Originally Posted by muppetry
I don't recall seeing anyone imply that; perhaps you mistakenly inferred it. However, I would view Obama's mandate deriving from his victory in the country-wide Presidential election as pertaining to Federal legislation, including taxation, welfare and defense spending. I view the Senate and Representative members' mandates as deriving from state-wide elections and thus pertaining to more restricted issues. Everyone had the chance to vote for Romney or Obama; no one outside Kentucky voted for McConnell.
That still does not mean that Obama gets everything he wants, but it does indicate, in my opinion, that on the large issues he has a mandate to proceed in the general direction of his policies.
One aspect of this discussion that frustrates me is that before the election, when many conservatives were quite confident that Romney would prevail, they were proclaiming that his victory would be a clear mandate for him to follow his policies and to abandon the path that we were on. Yet now that Obama has won, all we hear from them is that Obama has no mandate.
You appear to be wanting to have your cake and eat it too. Of course President Obama has the authorization to act as president aka a mandate. However that does not give him a mandate to act outside the bounds of that office or ignore the mandates given to other elected officials. He does have a mandate to proceed in the general direction of his policies in terms of proposing legislation. However that is all he can do. Congress is congress for a reason and they are the branch that has the power to control the purse and pass the laws. That is their mandate. The president administrates and he has his mandate to do that. If he does it wrong expect his party to pay at the next midterm.
As for what conservatives were saying, this again related to the colloquial use of mandate to mean that which changes the previous course or that one has political capital larger than their role or office might dictate and that they can spend it to make some large changes. This use relates exactly to what Obama did in his first term. One could argue he burned the political capital in terms of goodwill of the 8 million fewer voters who now support him, the loss of control of the House of Representatives and the loss of near filibuster proof majority in the Senate. Under that colloquial use, folks like myself and others would argue that he does not have a mandate because he does not have the same outsized or excessive support to assure him and his party victory if the loss of support continues. Thus he must take a course that advances his agenda but doesn't bleed his party voters in the next election.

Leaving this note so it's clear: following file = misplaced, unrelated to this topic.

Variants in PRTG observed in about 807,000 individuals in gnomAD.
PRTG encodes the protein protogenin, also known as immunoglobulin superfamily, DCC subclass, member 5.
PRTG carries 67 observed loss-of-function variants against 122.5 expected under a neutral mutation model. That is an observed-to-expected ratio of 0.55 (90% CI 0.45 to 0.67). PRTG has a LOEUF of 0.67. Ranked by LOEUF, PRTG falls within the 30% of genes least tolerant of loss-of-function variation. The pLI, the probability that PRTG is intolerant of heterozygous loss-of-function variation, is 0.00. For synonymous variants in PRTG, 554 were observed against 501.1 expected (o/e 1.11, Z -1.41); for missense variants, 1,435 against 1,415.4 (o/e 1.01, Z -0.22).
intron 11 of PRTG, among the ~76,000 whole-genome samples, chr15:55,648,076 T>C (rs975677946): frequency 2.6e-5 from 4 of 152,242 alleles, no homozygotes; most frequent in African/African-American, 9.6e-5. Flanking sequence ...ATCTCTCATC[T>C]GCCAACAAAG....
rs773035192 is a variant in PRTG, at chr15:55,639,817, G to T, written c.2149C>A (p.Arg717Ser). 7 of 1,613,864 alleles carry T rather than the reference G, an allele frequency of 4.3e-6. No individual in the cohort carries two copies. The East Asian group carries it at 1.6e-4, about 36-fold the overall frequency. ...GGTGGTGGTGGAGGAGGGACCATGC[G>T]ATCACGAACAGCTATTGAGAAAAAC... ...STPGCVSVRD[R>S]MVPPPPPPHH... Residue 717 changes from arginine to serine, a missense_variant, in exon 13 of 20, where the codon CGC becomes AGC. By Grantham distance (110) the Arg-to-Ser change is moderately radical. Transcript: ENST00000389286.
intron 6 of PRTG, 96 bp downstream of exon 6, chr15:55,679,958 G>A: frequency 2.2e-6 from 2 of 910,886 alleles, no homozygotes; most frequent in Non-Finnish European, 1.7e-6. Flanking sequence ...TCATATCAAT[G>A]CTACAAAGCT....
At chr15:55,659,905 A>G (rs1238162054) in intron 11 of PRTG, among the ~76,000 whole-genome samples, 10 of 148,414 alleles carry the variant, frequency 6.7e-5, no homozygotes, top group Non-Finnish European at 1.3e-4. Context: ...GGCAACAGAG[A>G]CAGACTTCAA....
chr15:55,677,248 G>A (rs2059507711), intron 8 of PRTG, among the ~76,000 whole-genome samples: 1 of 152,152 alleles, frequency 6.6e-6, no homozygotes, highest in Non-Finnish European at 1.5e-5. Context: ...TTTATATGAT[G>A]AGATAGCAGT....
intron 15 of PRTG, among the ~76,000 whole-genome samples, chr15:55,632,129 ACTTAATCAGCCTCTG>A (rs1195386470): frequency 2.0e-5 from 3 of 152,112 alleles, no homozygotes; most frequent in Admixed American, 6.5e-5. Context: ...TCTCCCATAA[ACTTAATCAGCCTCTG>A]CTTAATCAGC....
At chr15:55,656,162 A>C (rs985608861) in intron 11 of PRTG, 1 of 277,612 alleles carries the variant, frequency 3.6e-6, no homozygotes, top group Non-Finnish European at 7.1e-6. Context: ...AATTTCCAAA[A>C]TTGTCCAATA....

Certainly you would say to Republicans they should consider some changes to add to their voter total. Why would you not say the same to someone who lost 8 million supporters but still managed to win?
If I translated that sentence correctly then my response would be that it would be interesting to know how many people did not vote for him because he is black.
No I contend there are people who voted for him exclusively because he is black.
They did, but since Romney also received fewer votes than McCain, what should we conclude? That the election was closer this time? That's not very insightful.
First the latest results I have read show Romney with about 300,000 more votes than McCain garnered.
Well turnout overall was lower. What we can conclude is exactly what happened. America looked at what had occurred the prior two years and returned almost the exact same result to office. That would either indicate the power of incumbency is something too hard to overcome even in the most dire of times which of course doesn't provide support for Obama's agenda. It could indicate they want gridlock. That doesn't provide much support for Obama's agenda. It certainly doesn't promote the view of a strident and clear direction because the results as a whole show no such thing.
If these candidates were two nearly the same size companies one company lost 8 million customers but the other company stayed the same in terms of customers or managed to gain about 300,000 in a stagnant or shrinking market, who would you say has concerns going forward?
For the very reason that you yourself state - that the economy needs attention. Paralysis will not provide that attention, unless the attention that you would like is for it to crash sufficiently to be able to claim again in four years that Obama's policies (that he would have been blocked from implementing) were a failure. And where is anyone arguing for bypassing the checks and balances? That's a straw man.
If one of the ways the economy needs attention is to stop government manipulation and distortion within it, then gridlock is a very good solution. If you don't think the government needs to be purchasing clunkers, giving bailouts or making loans to companies that turn around and go backrupt, then gridlock is just fine.
As for bypassing checks and balances, it isn't a straw man at all. The job of the minority party is to oppose and bring about compromise with their positions. They provide the check and balance. It isn't called balance if one side does whatever they want. As an example Obama wants to raise taxes on the rich. He wants tax cuts for the poor. Republicans wanted tax cuts for all. The compromise was a continuation of the Bush tax cuts passed by the lame duck Democratic Congress and signed by President Obama. When the issue comes up this time they can act and compromise or just let them expire. Both are forms of action.